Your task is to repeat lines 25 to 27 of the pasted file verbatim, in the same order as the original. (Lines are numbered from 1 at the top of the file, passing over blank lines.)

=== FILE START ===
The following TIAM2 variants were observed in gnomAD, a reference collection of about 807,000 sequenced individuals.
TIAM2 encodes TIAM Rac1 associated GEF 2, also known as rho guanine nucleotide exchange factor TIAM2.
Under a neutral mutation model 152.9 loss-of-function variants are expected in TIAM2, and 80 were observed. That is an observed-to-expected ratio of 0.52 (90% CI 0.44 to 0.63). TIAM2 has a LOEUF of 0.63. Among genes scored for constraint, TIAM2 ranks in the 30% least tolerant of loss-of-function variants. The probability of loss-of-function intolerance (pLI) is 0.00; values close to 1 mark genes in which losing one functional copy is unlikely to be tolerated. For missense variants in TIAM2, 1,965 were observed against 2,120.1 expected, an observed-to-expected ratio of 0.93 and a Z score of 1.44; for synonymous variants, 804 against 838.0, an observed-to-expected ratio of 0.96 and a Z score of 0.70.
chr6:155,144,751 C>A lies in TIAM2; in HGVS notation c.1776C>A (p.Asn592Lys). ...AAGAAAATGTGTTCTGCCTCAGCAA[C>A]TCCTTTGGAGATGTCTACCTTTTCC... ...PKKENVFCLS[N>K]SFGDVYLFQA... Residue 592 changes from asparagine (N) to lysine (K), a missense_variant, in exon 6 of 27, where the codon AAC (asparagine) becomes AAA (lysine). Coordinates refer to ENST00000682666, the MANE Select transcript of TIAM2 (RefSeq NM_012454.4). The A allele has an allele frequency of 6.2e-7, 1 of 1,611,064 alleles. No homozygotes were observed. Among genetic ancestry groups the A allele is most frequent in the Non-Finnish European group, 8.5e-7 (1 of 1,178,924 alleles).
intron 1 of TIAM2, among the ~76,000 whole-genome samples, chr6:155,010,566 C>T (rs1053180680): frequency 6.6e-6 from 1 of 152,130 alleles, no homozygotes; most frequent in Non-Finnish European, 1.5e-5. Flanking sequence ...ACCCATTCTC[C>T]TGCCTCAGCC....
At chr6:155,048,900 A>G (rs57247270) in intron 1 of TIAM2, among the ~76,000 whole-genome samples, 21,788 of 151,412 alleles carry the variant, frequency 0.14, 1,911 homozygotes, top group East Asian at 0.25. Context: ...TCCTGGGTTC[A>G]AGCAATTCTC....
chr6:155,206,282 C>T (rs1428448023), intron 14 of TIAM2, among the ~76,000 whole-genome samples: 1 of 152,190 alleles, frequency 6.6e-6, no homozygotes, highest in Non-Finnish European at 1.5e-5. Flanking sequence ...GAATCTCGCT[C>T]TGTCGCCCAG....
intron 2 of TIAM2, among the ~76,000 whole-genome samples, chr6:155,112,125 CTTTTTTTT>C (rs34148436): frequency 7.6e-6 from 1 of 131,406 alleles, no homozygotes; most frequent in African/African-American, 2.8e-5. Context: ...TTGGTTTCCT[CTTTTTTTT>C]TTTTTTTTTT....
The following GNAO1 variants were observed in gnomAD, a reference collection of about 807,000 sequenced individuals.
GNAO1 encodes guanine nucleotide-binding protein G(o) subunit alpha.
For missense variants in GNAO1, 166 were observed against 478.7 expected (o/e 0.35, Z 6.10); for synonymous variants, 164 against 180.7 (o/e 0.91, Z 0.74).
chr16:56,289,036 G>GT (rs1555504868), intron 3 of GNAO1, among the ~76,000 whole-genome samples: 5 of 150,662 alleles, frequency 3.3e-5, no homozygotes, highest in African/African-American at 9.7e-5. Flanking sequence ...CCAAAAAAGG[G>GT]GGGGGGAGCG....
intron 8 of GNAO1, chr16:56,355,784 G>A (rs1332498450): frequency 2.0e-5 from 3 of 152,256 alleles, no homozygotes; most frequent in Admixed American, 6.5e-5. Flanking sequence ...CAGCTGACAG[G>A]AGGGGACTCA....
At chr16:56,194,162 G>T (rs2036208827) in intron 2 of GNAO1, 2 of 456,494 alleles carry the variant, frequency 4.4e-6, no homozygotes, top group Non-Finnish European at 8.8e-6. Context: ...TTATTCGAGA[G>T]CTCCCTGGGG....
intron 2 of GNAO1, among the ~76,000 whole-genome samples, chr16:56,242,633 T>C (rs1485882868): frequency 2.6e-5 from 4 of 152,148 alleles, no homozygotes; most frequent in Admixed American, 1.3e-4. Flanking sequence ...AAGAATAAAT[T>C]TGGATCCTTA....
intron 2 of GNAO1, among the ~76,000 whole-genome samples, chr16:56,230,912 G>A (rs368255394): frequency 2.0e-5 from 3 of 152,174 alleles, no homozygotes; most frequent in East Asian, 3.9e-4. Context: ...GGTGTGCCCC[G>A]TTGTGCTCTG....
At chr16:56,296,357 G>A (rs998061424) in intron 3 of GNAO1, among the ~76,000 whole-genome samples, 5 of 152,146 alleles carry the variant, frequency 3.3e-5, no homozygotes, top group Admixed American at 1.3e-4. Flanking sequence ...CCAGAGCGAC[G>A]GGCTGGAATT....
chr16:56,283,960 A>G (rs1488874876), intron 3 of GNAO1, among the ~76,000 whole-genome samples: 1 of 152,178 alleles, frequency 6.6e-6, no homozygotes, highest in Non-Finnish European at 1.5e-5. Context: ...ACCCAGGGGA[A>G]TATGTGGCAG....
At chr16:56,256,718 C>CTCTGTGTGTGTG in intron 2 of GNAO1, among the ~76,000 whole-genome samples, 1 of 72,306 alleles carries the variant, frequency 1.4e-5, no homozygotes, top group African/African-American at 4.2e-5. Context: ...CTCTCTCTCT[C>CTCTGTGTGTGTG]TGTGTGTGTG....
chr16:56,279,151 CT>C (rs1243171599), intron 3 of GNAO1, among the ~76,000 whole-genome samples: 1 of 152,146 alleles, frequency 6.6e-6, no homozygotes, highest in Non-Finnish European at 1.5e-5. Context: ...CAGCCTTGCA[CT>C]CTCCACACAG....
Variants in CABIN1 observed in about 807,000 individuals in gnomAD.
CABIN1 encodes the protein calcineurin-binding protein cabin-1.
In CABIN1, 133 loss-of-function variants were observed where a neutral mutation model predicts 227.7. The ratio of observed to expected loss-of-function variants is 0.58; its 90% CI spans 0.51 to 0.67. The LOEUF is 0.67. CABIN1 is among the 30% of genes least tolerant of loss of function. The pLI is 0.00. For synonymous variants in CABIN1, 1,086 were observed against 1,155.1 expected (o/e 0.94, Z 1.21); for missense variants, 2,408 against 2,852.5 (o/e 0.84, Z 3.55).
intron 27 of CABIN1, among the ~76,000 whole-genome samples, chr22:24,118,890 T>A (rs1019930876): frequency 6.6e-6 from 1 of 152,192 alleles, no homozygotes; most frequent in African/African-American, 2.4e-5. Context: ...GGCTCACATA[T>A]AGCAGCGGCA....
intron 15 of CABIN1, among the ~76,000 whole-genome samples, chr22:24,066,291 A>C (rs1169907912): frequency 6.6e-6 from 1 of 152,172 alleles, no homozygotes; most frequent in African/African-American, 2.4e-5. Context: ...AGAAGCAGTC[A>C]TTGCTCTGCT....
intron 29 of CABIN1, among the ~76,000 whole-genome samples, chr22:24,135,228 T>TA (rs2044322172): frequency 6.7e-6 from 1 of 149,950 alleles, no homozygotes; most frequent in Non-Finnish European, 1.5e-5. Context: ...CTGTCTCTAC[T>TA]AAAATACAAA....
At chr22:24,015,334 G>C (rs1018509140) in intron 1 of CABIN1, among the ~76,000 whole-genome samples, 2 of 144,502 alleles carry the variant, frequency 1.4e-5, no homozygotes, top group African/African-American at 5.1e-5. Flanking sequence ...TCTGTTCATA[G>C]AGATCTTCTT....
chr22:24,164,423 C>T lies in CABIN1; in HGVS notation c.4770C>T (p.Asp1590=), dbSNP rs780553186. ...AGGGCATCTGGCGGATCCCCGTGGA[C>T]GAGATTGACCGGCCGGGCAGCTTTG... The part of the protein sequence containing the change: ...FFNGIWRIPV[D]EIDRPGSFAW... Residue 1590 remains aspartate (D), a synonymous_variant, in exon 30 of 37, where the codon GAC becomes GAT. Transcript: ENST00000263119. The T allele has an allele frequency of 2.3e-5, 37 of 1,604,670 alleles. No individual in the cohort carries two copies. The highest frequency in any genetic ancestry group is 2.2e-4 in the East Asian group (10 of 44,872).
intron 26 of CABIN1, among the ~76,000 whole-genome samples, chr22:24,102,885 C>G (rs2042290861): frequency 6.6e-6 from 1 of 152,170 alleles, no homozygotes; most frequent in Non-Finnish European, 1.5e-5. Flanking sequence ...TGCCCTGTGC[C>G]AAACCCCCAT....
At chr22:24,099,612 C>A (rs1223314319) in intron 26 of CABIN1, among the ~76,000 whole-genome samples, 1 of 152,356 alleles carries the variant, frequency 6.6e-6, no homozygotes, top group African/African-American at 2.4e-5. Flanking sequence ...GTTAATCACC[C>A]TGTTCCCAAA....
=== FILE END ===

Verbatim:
intron 15 of CABIN1, among the ~76,000 whole-genome samples, chr22:24,066,291 A>C (rs1169907912): frequency 6.6e-6 from 1 of 152,172 alleles, no homozygotes; most frequent in African/African-American, 2.4e-5. Context: ...AGAAGCAGTC[A>C]TTGCTCTGCT....
intron 29 of CABIN1, among the ~76,000 whole-genome samples, chr22:24,135,228 T>TA (rs2044322172): frequency 6.7e-6 from 1 of 149,950 alleles, no homozygotes; most frequent in Non-Finnish European, 1.5e-5. Context: ...CTGTCTCTAC[T>TA]AAAATACAAA....
At chr22:24,015,334 G>C (rs1018509140) in intron 1 of CABIN1, among the ~76,000 whole-genome samples, 2 of 144,502 alleles carry the variant, frequency 1.4e-5, no homozygotes, top group African/African-American at 5.1e-5. Flanking sequence ...TCTGTTCATA[G>C]AGATCTTCTT....